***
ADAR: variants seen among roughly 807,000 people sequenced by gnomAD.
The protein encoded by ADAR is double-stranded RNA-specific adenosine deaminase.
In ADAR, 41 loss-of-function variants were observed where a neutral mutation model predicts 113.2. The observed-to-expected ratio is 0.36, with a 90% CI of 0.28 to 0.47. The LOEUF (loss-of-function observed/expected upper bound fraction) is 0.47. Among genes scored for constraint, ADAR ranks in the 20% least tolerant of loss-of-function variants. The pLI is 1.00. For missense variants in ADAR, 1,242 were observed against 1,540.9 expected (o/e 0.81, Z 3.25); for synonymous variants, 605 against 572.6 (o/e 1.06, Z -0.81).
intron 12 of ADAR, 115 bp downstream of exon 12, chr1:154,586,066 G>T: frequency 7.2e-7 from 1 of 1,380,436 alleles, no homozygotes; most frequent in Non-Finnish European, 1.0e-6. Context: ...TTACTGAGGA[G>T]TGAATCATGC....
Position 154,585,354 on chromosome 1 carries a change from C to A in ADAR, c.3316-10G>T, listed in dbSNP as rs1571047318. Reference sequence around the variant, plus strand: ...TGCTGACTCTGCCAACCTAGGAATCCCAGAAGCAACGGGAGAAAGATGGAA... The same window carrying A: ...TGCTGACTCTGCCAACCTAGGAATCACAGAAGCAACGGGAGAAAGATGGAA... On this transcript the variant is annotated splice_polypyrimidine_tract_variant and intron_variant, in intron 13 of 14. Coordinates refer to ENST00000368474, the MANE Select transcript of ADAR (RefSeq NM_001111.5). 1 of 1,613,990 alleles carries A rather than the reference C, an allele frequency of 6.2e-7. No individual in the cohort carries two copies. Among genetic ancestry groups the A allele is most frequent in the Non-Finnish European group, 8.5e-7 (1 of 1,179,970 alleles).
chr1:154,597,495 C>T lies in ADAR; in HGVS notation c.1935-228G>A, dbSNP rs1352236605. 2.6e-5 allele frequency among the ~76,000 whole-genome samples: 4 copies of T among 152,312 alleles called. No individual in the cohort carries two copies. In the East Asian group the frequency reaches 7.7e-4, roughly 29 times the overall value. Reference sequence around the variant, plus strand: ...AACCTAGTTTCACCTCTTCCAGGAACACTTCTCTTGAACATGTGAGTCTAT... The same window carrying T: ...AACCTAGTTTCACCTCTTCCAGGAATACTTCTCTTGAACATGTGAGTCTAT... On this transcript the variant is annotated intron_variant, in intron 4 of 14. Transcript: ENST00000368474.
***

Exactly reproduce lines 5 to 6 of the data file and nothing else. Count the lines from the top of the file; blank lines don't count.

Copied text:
Position 154,585,354 on chromosome 1 carries a change from C to A in ADAR, c.3316-10G>T, listed in dbSNP as rs1571047318. Reference sequence around the variant, plus strand: ...TGCTGACTCTGCCAACCTAGGAATCCCAGAAGCAACGGGAGAAAGATGGAA... The same window carrying A: ...TGCTGACTCTGCCAACCTAGGAATCACAGAAGCAACGGGAGAAAGATGGAA... On this transcript the variant is annotated splice_polypyrimidine_tract_variant and intron_variant, in intron 13 of 14. Coordinates refer to ENST00000368474, the MANE Select transcript of ADAR (RefSeq NM_001111.5). 1 of 1,613,990 alleles carries A rather than the reference C, an allele frequency of 6.2e-7. No individual in the cohort carries two copies. Among genetic ancestry groups the A allele is most frequent in the Non-Finnish European group, 8.5e-7 (1 of 1,179,970 alleles).
chr1:154,597,495 C>T lies in ADAR; in HGVS notation c.1935-228G>A, dbSNP rs1352236605. 2.6e-5 allele frequency among the ~76,000 whole-genome samples: 4 copies of T among 152,312 alleles called. No individual in the cohort carries two copies. In the East Asian group the frequency reaches 7.7e-4, roughly 29 times the overall value. Reference sequence around the variant, plus strand: ...AACCTAGTTTCACCTCTTCCAGGAACACTTCTCTTGAACATGTGAGTCTAT... The same window carrying T: ...AACCTAGTTTCACCTCTTCCAGGAATACTTCTCTTGAACATGTGAGTCTAT... On this transcript the variant is annotated intron_variant, in intron 4 of 14. Transcript: ENST00000368474.